Joan Sawicki, Stuie, B.C.
The government that uses convenient parts of our history (the War of 1812, the Franklin Expedition) to whip up patriotic fervour is the same government that is gutting our historical records (“Locked from public view,” Society, Dec. 1). It is not a surprise, however. The Conservative party has no interest in maintaining anything that can’t be used to keep its hold on power. I hope there is something left to be salvaged when it leaves office. I’d prefer to have all of our history available to everyone, not just those parts that advance the Conservatives’ aims.
Christopher R. Ford, Calgary
The deterioration of service in libraries and archives across Canada, especially at Libraries and Archives Canada (LAC) in Ottawa, is shocking and profoundly depressing. Alarming budget cuts and staff layoffs are said to be the cause, but they are merely the symptoms of a prevailing attitude in government that such institutions no longer matter. I strongly concur with a recent report from the Royal Society of Canada, which begins with this statement: “Libraries and archives are Canada’s collective public memory. They represent a cherished repository of how, and why, we have become the Canada and Canadians we are today.”
Dr. W. Gillies Ross, Canton de Hatley, Que.
Quebec has never had it so good
The sense of entitlement in Quebec is astounding! Quebec parents protest “rumoured changes to the province’s universal child care program, namely, a sliding pay scale that would see wealthier families pay double the current rate of $7.30 per day” (“The price is right,” National, Dec. 15), even though Quebec parents pay one-tenth what other Canadian parents pay strangers to raise their children. Pretty good deal for a perpetually impoverished province, eh?
Jerry Steinberg, Surrey, B.C.
Ease up on the throttle
As an avid car enthusiast, I was pleasantly surprised to see your article on the Dodge Charger SRT Hellcat (“Hellcat on wheels,” Economy, Dec. 15). Although the article was well done, SRT stands for street “and” racing technology, not “street-racing technology,” as stated in your article. I’m almost certain all the good folks at Chrysler do not promote street racing.
Randy Hicks, Sherwood Park, Alta.
Oh no, Ontario
Thank you for keeping Ontario Premier Kathleen Wynne’s feet to the fire on the Ontario government’s inability to get the province’s finances back to balance. Your Econowatch charts (“That’s just gross,” Dec. 15; “That sinking feeling,” Nov. 3) show that Ontario is out of step with the rest of the nation. Wynne’s unwillingness to deal with the bloated size of the Ontario government is going to cost Ontario residents down the road in the form of higher taxes and a much smaller social safety net. We’ve been down this road before, in the 1970s and early 1980s, resulting in a serious structural-deficit situation. It took successive Conservative and Liberal governments almost 15 years to get things back into balance, achieved mostly through very tight budget controls, the imposition of the GST/HST, and reduced health care transfer payments to the provinces. It wasn’t fun for anyone. Wynne needs to step up and make the hard decisions now, before the next recession hits us—due any time now. And maybe she could take a basic economics course or two.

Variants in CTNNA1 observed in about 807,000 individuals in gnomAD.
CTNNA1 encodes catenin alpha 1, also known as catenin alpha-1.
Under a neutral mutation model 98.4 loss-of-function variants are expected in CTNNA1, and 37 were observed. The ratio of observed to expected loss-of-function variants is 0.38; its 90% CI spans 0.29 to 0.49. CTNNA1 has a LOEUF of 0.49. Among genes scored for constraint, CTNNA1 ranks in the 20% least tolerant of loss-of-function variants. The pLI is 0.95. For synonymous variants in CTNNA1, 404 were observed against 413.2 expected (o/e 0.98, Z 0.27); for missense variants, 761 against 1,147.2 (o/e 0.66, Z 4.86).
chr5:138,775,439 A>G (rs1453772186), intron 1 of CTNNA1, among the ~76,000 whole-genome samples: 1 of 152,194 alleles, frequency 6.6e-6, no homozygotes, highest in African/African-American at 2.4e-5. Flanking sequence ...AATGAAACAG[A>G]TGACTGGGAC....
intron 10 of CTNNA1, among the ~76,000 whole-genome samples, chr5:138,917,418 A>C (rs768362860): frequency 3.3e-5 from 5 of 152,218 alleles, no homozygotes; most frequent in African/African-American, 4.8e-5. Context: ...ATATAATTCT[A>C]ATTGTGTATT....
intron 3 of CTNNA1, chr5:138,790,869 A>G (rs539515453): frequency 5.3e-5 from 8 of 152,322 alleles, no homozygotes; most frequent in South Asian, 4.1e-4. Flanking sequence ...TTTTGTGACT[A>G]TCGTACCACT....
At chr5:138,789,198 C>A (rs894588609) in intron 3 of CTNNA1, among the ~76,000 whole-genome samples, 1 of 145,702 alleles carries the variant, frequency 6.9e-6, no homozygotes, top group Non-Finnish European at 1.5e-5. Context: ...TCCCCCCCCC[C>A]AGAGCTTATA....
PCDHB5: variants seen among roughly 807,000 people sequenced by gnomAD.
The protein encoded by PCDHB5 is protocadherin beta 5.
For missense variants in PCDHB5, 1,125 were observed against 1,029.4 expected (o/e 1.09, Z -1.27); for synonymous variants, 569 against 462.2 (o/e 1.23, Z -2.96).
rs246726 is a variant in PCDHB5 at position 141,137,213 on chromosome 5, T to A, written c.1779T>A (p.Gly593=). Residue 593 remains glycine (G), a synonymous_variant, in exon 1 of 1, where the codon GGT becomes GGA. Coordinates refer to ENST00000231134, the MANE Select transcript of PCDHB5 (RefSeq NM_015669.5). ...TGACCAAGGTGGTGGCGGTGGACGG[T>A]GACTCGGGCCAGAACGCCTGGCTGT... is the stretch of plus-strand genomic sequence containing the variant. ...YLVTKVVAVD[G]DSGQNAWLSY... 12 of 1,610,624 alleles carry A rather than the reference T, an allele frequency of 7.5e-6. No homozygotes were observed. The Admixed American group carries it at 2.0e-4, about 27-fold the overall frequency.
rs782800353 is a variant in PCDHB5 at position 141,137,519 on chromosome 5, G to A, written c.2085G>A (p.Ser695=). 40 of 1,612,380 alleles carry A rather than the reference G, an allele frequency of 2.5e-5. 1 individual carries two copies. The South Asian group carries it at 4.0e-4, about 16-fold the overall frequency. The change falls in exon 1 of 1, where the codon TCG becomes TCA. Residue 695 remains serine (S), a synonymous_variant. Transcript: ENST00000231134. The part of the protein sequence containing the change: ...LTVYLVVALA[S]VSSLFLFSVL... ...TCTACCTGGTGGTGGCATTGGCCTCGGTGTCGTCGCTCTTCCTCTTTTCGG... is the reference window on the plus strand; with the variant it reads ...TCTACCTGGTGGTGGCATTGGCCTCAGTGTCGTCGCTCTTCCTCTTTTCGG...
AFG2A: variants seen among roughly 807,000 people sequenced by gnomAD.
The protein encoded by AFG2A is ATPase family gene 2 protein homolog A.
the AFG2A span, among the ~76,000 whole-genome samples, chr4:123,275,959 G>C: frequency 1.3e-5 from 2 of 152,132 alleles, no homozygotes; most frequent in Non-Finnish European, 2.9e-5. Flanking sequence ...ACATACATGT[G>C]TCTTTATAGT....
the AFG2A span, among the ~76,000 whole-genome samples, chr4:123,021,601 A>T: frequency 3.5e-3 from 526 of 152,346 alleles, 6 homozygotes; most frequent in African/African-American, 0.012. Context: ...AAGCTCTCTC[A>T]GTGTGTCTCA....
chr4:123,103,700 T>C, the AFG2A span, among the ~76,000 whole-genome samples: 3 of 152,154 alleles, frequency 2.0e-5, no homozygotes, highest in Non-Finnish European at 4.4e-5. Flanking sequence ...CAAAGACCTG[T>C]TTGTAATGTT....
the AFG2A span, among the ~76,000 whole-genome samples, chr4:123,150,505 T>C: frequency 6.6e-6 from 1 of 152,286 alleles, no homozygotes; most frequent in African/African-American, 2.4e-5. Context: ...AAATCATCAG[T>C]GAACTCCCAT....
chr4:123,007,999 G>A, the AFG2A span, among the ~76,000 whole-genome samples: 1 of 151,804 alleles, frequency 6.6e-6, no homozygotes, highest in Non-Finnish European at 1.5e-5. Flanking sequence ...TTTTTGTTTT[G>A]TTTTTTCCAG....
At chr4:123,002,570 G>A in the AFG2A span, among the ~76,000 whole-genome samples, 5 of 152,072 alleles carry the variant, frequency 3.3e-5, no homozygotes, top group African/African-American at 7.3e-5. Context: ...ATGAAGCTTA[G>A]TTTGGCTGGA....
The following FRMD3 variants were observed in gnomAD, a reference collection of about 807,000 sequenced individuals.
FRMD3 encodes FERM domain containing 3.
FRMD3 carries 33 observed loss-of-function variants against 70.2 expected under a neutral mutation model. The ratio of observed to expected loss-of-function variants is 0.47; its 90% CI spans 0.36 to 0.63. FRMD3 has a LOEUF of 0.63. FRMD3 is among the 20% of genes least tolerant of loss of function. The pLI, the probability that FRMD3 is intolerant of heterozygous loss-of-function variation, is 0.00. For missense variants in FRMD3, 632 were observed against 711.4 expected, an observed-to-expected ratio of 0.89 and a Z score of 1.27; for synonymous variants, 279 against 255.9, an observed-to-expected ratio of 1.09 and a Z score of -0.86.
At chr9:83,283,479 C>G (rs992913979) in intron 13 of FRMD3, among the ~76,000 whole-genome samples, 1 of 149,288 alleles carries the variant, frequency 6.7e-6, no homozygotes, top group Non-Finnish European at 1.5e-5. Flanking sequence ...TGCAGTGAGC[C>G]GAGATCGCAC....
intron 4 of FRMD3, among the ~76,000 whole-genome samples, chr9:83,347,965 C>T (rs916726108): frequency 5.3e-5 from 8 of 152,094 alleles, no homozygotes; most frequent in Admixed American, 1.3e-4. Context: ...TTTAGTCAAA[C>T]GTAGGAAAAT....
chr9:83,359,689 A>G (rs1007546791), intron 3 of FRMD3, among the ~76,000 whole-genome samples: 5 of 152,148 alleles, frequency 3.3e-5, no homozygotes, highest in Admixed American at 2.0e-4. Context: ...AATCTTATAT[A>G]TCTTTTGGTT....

Bruce Lamb, Lucan, Ont.
Emma Teitel writes in her Nov. 24 column (“Gay men, an audible minority?”) that gay filmmaker David Thorpe was repulsed by the sound of other gay men’s voices, and attributes it to his “internalized homophobia” making itself known to him. It is so tiring to hear the whipping boy of “homophobia” trotted out to attack every slight, perceived or real, that gay people identify as threats to their lifestyle or identity. Maybe instead of “internalized homophobia,” which sounds like an anti-gay, societal attitude, what David Thorpe was experiencing was a natural male aversion to effeminate characteristics.
Mark Woods, Winnipeg
Not the only native tree nut
Pecan isn’t “North America’s only native tree nut” (The Quiz, Nov. 24). There is walnut (black and white or butternut), as well as beech and chestnut—both diseased since the 1920s, but native and present. To be picky, one could include native oaks and chinkapins, whose fruit is a modified nut, of which there are scores of native species.
Gary Saunders, Clifton, N.S.
“An important issue is finally getting the full airing it deserves,” you state in your editorial of Nov. 17, about sexual assault. That editorial revolves around the alleged sexual misconduct of Jian Ghomeshi and his more than a dozen possible victims. This reminded me that, not so long ago, you wrote about the thousands of annual cases of sexual misconduct in the Canadian military, which you’ve written about extensively in the past, as well (“Our military’s disgrace,” National, May 5). The topic received a lot of airing on those previous, considerably more serious occasions, yet the powers that be have not responded in any noticeable, useful way. What can we do to get our legislators to respond?
Axel Klenz, Prince Albert, Sask.